Since I outline a fair amount before I write, dismissing ideas that won’t work before writing the scenes, I couldn’t find any deleted scenes to share for this novel. Likewise, because my critiquers are great at helping me polish my manuscript before submitting it to my editor, my editor made only a few minor comments on specific details, such as her gun fitting into her purse in one scene and not in next, and whether she would have her finger hovering over the trigger when confronting an intruder.
She wouldn’t, by the way, she would have it on the trigger guard–a cat’s whisker away. 😉
Now I did make a fair number of changes to my first draft based on my critiquers’s comments, but for the most part, the changes were so incremental that I don’t have a significant before and after scene to share.
The scene that proved the most challenging to fix to make it believable, was when Serena babysits little Jed, after all, people are trying to kill her what sane father is going to leave his child in her care?
In my original version, Matt is desperate to get his expecting wife to the hospital without their toddler, but I neglected to mention that part, and it seems he’s merely desperate for an evening alone with his wife before baby #2 arrives.
One of the early versions
My cell phone rang. Matt Speers. “I thought you might appreciate an update on the hit and run investigation.”
“You caught the driver?”
“No, but thanks to the traffic cam at the intersection near the accident, we got the license plate of the guy who flicked the cigarette. He claims he didn’t do it deliberately.”
“Did you believe him?”
“Yeah, I did. He doesn’t have a record. And no known ties to XYZ Import/Export or any of its employees.”
“That’s good. Thanks, I appreci—”
“Yeah, I was kind of hoping I could take you up on your babysitting offer.”
“Uh, you sure you want me anywhere near your child so soon after someone tried to make a bus sandwich out of my car?”
“I’m desperate, Serena.” He sounded desperate too. Really desperate.
A smart woman would take that as a major clue. That and the muted crying in the background.
“I’ve asked a buddy on duty tonight to drive by every half hour to make sure no one’s lurking around.”
“Okay, I need call and cancel some plans and can be at your place in about half an hour.”
“Um, I was hoping I could bring him to your place.”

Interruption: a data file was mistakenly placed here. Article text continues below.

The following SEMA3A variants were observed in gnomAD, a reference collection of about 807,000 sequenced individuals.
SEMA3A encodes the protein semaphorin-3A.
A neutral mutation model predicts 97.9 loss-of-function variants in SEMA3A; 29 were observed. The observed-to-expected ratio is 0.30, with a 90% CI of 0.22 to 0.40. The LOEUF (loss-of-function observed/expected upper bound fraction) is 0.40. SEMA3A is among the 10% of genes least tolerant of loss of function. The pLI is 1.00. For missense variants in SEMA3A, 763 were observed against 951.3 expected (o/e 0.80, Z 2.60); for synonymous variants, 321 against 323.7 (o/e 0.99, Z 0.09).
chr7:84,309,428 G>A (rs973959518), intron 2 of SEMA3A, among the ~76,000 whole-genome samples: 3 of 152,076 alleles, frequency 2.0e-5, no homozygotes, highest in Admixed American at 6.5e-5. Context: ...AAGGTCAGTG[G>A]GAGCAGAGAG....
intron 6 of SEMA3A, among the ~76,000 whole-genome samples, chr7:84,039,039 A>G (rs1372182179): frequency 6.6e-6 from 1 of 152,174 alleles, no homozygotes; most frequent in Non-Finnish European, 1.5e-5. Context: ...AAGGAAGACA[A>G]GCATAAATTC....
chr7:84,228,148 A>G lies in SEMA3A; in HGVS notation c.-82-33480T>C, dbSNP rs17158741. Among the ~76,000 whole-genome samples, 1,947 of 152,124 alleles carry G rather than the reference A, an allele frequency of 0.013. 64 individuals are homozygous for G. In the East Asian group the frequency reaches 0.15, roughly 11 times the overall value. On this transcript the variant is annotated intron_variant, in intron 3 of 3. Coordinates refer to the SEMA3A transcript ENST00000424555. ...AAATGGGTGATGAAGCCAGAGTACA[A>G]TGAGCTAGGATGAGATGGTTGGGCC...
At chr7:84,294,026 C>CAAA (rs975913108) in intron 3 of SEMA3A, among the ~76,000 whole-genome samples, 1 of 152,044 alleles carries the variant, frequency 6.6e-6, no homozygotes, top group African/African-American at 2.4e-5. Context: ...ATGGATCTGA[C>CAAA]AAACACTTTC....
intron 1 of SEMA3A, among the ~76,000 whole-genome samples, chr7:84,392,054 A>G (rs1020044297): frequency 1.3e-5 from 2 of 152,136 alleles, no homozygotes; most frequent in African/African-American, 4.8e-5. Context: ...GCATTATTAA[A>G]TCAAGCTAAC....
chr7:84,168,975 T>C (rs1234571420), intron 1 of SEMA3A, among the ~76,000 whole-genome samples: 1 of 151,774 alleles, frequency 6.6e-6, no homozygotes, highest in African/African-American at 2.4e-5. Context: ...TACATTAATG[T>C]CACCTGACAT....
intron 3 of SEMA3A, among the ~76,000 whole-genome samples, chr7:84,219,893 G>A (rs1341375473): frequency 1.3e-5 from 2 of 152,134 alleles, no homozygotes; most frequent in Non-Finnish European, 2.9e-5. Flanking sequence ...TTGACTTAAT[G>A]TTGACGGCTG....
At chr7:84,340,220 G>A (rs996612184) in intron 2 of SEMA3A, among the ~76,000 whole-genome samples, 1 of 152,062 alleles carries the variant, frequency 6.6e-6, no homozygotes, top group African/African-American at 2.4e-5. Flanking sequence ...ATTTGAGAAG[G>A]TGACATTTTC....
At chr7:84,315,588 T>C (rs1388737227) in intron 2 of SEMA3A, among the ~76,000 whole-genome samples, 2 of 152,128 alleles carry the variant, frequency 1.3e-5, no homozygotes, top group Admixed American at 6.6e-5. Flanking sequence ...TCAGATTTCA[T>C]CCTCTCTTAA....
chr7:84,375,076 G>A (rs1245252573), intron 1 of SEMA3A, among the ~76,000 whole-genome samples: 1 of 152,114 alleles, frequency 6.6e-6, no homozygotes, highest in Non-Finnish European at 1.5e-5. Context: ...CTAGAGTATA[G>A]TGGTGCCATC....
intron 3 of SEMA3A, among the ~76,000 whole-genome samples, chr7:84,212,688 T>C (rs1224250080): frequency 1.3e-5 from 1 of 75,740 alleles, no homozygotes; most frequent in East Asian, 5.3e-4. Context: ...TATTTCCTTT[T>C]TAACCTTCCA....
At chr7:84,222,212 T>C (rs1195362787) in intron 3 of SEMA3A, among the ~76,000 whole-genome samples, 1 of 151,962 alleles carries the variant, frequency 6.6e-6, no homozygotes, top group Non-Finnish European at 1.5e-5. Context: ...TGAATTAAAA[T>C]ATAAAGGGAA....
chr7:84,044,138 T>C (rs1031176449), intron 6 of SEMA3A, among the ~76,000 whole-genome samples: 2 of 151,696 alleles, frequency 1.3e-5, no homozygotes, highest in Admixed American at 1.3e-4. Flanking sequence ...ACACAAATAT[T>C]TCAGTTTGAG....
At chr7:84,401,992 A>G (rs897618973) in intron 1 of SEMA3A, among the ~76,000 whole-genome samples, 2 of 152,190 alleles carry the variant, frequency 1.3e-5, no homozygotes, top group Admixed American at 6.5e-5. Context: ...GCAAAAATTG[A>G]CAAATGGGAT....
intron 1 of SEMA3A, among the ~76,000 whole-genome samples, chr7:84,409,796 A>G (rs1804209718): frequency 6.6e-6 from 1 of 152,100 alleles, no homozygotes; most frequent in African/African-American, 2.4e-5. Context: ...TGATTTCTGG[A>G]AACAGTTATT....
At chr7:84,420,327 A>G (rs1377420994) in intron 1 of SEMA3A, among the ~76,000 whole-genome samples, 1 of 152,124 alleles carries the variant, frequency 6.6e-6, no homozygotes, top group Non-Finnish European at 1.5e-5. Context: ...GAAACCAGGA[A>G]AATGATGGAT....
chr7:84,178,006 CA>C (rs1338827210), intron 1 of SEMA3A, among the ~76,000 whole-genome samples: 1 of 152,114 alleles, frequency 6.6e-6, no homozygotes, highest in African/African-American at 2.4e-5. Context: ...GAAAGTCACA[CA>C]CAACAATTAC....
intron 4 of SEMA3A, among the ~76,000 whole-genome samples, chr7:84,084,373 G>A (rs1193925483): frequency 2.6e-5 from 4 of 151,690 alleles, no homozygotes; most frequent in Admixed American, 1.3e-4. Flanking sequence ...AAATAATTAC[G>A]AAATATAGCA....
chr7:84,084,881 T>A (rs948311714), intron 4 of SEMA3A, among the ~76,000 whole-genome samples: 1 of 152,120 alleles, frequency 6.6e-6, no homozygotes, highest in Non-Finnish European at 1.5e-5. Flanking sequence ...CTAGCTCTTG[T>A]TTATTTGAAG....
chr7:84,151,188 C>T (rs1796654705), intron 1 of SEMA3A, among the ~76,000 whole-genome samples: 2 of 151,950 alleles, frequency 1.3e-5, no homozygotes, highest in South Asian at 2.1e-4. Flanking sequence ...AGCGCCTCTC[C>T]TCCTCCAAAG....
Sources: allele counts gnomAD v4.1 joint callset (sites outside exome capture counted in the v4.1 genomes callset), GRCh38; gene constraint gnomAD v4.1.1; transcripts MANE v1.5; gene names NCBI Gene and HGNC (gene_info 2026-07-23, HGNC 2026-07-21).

“Uh.” I glanced around my living room. I only had a few breakables that I’d have to put up. Maybe the change of scenery would distract the poor guy from whatever was bothering him. “Sure, I guess that would be okay. How soon?”
“Two minutes? Where are you?”
A knock sounded at my kitchen door.
By the time Matt and his wife left, their 23-month old son, Jed, was happily pushing his toy truck around my living room floor as Harold watched suspiciously from under the sofa and occasionally took a swat at the trucks wheels when it got too close.
Pounding erupted on my door.
“Hold your horses,” I called out, then checked the peephole because it wasn’t like Nate to hammer my door, and he wasn’t due for half an hour.
Matt Speers stood in the hall, looking haggard, his two-year-old son on his hip.
I yanked open the door. “What’s wrong?”
“Good, you’re home.” Matt shoved a diaper bag at my chest. “I need you to take care of Jed until my mother-in-law can get here to pick him up.”
“What? Uh, Matt, someone tried to make a bus sandwich out of my car last night. You don’t want me anywhere near your child right now.”
Matt’s face went pasty, but he shook his head. “It can’t be helped. I’ve got no one else close enough. I’ve got to get Tracey to the hospital. There’s something wrong, but she refuses to go in with Jed along. She doesn’t want him to be frightened. She almost died with the last—” His voice faltered.
I scooped Jed into my arms. “Okay, go. Go.”
“Thank you. And pray. Please.” He raced off without any further instructions.
Jed looked at me as if he might burst into tears at any second, and my heart did a nervous flutter.
“Hey, buddy,” I said, bouncing him in my arms. “We’ll have fun. Wait until you meet Harold.”
Harold took one look at the little guy and darted under the couch.
“Chicken,” I said. I shut the door behind us and glanced around my living room. I only had a few breakables that I’d have to put up. Hopefully the new surroundings to explore would distract him from his parents’ panic.
“Uh!” Jed pointed to the replica of my grandfather’s old Ford pickup I had sitting on the bookshelf.
“You want to play with the truck?” I asked.
He eagerly reached for it.
“Okay.” I set him and the truck on the floor and then grabbed a box to collect up everything potentially dangerous that looked too enticing to a twenty-month-old.
Jed happily pushed his toy truck around my living room floor as Harold watched suspiciously from under the sofa and occasionally took a swat at the truck’s wheels when it got too close.
©2016 Sandra Orchard